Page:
Set aside time in your schedule for dealing with information. This means checking email only at specified times, reading RSS feeds at specified times, and otherwise seeking out information on a set schedule. Now, exactly what that schedule is will depend on your own needs.

Some people might need to be reachable by email throughout the day. That’s fine. Set your email client to only check for new email once per hour. That keeps you in contact enough without being a constant distraction.

Set aside an hour in the morning or evening to read through your RSS feeds. Do it all in one chunk, and then keep your feed reader closed for the rest of the time.

Another option is to set aside tiny chunks throughout your day for processing information. It might be five or ten minutes of each hour or every couple of hours.

Figure out whether you’re more productive by absorbing all your information at one time or in smaller chunks throughout the day. Then stick to a schedule. If you set aside five minutes each hour to read RSS feeds or email, then spend five minutes of every hour doing so, but no more. If you set aside an hour each morning, set a timer so you don’t go over that hour.

 

3. Take Time Off

It’s important to take time off from the barrage of information. Set aside your evenings or weekends as information-free times.

During that time, don’t read email or RSS feeds. Don’t seek out information unless it’s pertinent to something you’re doing at that time.

When you’re on vacation, try to limit the amount of information you take in. Let your mind relax and avoid any information that isn’t absolutely vital. Realize, too, that most information can wait until your vacation is over.

 

4. Cull Ruthlessly

Don’t be afraid to cull the information sources you rely on. Look for single sources that have most of the information you want on a give subject, and get rid of the rest.

For example, rather than checking a dozen news sites every day, just use Google News for aggregated content. This way you get news from a wide variety of sources without having to visit multiple sites.

Culling also applies to the individual informational items that come into your email or feed reader every day. If something isn’t interesting to you, delete it. If it sits there in your inbox, you’ll feel obligated to read it and devote time to it.

Learn to scan the content that’s fed to you and determine within a matter of a couple of seconds whether it’s something that interests you or not. If not, just get rid of it. Without a dozen or more unread items in your email or RSS reader, you’ll feel less bombarded by information.

 

5. Learn to Prioritize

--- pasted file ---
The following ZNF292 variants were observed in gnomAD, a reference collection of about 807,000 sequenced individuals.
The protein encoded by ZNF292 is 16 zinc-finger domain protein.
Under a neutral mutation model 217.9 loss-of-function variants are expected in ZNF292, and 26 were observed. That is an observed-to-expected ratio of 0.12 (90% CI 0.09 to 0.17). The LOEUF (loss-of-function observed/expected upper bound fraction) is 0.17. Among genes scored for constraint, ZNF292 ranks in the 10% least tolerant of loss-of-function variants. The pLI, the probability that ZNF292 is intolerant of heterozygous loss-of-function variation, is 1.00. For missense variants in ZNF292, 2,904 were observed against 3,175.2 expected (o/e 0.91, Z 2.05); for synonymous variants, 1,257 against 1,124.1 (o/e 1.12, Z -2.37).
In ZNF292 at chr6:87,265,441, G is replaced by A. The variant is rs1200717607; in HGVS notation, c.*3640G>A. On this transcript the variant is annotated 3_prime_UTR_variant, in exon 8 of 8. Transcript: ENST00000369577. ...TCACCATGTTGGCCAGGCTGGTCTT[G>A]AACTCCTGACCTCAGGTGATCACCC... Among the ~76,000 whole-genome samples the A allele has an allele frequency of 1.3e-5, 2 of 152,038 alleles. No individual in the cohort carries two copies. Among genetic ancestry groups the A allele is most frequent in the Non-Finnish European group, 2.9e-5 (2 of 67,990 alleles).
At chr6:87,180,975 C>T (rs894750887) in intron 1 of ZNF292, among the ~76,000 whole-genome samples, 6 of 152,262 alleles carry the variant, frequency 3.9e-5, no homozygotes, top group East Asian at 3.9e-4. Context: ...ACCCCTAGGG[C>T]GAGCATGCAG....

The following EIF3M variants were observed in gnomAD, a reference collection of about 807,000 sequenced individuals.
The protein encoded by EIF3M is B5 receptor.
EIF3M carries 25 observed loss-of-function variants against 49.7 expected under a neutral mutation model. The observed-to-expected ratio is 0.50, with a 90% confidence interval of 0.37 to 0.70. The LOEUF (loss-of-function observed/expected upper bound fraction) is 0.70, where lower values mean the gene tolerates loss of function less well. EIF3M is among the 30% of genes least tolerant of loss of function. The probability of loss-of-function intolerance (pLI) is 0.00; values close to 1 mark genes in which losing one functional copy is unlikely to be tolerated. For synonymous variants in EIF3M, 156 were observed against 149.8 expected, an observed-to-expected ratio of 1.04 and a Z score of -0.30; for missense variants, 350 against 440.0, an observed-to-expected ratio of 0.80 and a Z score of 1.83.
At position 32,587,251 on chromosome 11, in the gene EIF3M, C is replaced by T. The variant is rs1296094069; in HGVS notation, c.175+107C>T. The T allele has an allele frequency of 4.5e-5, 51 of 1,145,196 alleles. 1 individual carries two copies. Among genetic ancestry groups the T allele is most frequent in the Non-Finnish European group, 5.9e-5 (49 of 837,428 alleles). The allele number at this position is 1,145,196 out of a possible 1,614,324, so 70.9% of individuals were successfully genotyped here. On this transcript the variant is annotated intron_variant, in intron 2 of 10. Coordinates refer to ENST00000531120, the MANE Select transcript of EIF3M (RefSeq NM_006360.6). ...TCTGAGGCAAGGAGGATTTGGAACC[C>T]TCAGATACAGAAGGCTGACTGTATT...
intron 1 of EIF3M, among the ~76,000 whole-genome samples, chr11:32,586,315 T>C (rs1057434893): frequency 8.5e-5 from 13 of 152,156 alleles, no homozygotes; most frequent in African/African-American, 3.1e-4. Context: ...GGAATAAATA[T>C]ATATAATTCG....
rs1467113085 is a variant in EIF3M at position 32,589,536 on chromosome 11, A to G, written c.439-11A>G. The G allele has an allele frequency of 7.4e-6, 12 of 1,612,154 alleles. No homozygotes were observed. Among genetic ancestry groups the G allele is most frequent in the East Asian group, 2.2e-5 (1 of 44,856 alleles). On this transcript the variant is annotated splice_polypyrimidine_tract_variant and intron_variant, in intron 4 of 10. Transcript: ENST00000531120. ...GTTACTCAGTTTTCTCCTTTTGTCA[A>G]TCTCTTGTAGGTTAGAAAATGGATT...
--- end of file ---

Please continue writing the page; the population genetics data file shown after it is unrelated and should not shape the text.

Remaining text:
Even if you minimize the amount of information you have coming at you, it’s likely there will still be times when you just don’t have time to process all of it. This is when you need to prioritize.

Look back to the topic lists that you made at the beginning of this article. When there’s too much information coming at you, focus on the topics on list 1 first. These are the things that are most important to your daily life, and should be treated as such. If you still have time after processing all of that information, then move on to list 2, and so on.

 

6. Establish Systems

You should have systems for organizing and classifying the information that comes at you. In your email this might mean setting up filters to direct certain emails (like newsletters) into their own folders automatically. You might also have folders set up for things that you want to spend more time looking at later, or that you might want to refer back to.

The same goes for RSS feed readers. Make use of folders and tags to keep your feeds organized. This way, if you have limited time, you can easily check the most important feeds first.

Also consider if there are any apps out there that can help you be better organized and get through the information bombarding you faster. Does your feed reader give you the level of control you want? What about your email program? Web browser? Look around and find tools that will let you better manage your information. It’s worth the time and effort to do so.

 

Researching Without Succumbing to Information Overload

One of the toughest times to deal with information overload is when you’re researching something. It could be for a big client project or something in your own personal life. And it often involves finding a lot of information about whatever the subject is.

The most important thing to do when researching a new subject is to limit your research both in terms of the time you devote to it and its scope. When embarking on a new project, limit yourself to fifteen or twenty minutes of research to start with. This will likely be enough to give you a general overview of what the subject is all about.

Then, research specific things as you need to know them. This is generally more productive and efficient than trying to learn everything before you actually get any hands-on experience.

Another option when it comes to researching a topic is to go analog. Visit your local library and borrow a book on the subject, rather than going online. This often gives you a more focused overview and minimizes the chances that you’ll end up going off on tangents in your research.

 

When You Already Have Too Much Information

So everything above is great if you’re dealing with a problem with day-to-day information overload. But what if your problem has to do with having so much information pertaining to a certain subject that you’re now paralyzed and can’t make any kind of decision? What do you do then?